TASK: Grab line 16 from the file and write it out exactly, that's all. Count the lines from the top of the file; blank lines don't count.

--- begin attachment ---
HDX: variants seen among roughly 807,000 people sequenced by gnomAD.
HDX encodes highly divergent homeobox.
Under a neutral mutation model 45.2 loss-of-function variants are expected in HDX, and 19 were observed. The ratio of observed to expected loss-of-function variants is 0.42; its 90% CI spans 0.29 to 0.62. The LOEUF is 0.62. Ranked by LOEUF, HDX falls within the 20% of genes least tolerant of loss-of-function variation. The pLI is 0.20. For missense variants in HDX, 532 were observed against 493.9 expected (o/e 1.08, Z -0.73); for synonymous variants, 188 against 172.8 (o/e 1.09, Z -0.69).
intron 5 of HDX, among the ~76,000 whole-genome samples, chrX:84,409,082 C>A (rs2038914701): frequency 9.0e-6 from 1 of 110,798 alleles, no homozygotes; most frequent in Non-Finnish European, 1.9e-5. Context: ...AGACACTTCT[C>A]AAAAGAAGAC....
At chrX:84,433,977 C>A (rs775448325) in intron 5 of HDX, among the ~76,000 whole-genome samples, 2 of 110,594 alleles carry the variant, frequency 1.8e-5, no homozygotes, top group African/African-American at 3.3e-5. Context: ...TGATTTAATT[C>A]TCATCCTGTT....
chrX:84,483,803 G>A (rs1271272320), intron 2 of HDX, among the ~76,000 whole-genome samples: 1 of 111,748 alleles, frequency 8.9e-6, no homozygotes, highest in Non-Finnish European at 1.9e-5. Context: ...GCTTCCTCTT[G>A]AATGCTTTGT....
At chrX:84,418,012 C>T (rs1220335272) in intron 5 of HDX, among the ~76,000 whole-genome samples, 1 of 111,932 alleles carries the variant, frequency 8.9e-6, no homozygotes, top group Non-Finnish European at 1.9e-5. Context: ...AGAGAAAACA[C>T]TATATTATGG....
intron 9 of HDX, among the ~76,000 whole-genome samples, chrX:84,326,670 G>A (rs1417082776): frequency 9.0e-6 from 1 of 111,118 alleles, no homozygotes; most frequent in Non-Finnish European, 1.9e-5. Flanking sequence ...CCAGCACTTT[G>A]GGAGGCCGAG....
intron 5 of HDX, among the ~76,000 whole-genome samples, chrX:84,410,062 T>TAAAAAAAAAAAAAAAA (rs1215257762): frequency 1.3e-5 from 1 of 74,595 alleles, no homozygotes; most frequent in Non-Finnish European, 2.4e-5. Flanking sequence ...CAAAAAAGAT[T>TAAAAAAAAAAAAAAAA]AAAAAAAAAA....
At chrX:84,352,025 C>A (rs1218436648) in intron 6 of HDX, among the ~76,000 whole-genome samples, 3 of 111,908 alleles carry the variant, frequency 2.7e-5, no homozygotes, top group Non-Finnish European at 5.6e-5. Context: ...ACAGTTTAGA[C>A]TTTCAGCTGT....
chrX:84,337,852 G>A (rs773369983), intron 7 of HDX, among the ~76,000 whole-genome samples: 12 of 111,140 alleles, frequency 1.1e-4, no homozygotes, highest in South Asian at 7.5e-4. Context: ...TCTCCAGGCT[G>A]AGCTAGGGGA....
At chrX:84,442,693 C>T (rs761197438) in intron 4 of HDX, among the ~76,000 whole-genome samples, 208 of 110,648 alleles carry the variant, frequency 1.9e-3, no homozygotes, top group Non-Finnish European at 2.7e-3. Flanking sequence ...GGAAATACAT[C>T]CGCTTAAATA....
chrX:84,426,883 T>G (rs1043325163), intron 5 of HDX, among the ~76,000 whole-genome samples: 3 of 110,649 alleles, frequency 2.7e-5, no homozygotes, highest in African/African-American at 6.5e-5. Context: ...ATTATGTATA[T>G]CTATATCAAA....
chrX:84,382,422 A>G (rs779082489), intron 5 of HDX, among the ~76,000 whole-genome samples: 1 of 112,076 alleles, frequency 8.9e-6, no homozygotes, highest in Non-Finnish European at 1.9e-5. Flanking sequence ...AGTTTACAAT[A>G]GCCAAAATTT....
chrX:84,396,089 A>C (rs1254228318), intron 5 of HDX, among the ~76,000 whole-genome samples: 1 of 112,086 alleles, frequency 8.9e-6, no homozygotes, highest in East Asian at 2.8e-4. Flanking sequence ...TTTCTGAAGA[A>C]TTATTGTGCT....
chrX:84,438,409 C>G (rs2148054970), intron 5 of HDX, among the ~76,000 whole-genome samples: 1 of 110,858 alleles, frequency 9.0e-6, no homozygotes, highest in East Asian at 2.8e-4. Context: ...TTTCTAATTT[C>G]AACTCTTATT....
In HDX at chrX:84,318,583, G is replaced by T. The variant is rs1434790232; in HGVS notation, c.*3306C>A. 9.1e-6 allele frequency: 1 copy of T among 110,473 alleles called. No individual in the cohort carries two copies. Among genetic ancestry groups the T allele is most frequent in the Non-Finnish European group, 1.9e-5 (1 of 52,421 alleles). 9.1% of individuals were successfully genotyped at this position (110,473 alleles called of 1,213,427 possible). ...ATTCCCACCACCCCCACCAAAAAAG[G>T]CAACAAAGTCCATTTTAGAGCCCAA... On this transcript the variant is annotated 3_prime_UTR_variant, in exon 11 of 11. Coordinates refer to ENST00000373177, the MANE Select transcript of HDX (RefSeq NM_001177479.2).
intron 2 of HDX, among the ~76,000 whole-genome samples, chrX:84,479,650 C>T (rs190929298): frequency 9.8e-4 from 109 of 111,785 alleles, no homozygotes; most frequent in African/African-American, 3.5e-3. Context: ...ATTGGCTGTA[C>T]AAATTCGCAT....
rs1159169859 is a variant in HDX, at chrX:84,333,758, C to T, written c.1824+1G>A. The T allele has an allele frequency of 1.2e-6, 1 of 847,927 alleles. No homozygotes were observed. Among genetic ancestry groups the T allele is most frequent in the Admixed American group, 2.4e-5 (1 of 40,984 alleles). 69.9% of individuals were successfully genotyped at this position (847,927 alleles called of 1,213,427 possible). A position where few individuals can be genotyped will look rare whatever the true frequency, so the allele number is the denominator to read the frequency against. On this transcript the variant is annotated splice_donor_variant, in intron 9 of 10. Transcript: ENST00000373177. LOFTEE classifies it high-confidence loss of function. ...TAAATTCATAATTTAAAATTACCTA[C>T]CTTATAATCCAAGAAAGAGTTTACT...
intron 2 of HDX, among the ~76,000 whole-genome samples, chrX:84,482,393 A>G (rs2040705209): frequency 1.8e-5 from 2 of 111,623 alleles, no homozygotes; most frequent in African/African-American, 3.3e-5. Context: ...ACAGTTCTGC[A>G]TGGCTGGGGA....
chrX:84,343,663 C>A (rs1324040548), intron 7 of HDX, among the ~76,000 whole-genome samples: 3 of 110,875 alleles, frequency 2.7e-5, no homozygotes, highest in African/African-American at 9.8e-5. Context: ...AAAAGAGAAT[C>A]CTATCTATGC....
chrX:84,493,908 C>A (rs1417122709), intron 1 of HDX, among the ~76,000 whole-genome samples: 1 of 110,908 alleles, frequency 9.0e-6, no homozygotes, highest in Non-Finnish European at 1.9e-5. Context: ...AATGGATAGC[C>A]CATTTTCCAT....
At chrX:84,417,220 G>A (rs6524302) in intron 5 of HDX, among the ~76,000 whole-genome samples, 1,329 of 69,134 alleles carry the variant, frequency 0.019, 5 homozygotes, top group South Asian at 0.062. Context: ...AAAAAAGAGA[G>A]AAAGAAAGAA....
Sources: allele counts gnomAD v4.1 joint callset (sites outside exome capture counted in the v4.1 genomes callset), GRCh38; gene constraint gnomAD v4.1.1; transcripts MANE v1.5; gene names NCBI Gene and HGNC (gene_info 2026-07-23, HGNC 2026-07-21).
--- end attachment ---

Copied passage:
chrX:84,438,409 C>G (rs2148054970), intron 5 of HDX, among the ~76,000 whole-genome samples: 1 of 110,858 alleles, frequency 9.0e-6, no homozygotes, highest in East Asian at 2.8e-4. Context: ...TTTCTAATTT[C>G]AACTCTTATT....